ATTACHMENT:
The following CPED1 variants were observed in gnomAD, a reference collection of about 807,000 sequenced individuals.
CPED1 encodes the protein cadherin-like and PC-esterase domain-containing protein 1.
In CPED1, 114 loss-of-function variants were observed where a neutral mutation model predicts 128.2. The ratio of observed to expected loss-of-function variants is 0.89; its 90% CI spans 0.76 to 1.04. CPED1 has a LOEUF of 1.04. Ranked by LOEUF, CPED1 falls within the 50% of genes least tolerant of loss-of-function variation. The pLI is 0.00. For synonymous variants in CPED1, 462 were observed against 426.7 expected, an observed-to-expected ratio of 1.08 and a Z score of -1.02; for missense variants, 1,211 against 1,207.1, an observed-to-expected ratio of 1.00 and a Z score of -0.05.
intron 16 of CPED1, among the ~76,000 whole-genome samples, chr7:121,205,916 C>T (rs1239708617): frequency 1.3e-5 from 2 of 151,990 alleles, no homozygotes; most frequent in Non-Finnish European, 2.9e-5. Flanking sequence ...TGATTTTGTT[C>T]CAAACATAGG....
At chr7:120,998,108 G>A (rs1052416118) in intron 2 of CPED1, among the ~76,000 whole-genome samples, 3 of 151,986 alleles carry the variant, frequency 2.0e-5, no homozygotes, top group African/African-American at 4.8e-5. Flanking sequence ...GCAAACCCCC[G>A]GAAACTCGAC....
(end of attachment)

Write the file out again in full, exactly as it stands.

The following CPED1 variants were observed in gnomAD, a reference collection of about 807,000 sequenced individuals.
CPED1 encodes the protein cadherin-like and PC-esterase domain-containing protein 1.
In CPED1, 114 loss-of-function variants were observed where a neutral mutation model predicts 128.2. The ratio of observed to expected loss-of-function variants is 0.89; its 90% CI spans 0.76 to 1.04. CPED1 has a LOEUF of 1.04. Ranked by LOEUF, CPED1 falls within the 50% of genes least tolerant of loss-of-function variation. The pLI is 0.00. For synonymous variants in CPED1, 462 were observed against 426.7 expected, an observed-to-expected ratio of 1.08 and a Z score of -1.02; for missense variants, 1,211 against 1,207.1, an observed-to-expected ratio of 1.00 and a Z score of -0.05.
intron 16 of CPED1, among the ~76,000 whole-genome samples, chr7:121,205,916 C>T (rs1239708617): frequency 1.3e-5 from 2 of 151,990 alleles, no homozygotes; most frequent in Non-Finnish European, 2.9e-5. Flanking sequence ...TGATTTTGTT[C>T]CAAACATAGG....
At chr7:120,998,108 G>A (rs1052416118) in intron 2 of CPED1, among the ~76,000 whole-genome samples, 3 of 151,986 alleles carry the variant, frequency 2.0e-5, no homozygotes, top group African/African-American at 4.8e-5. Flanking sequence ...GCAAACCCCC[G>A]GAAACTCGAC....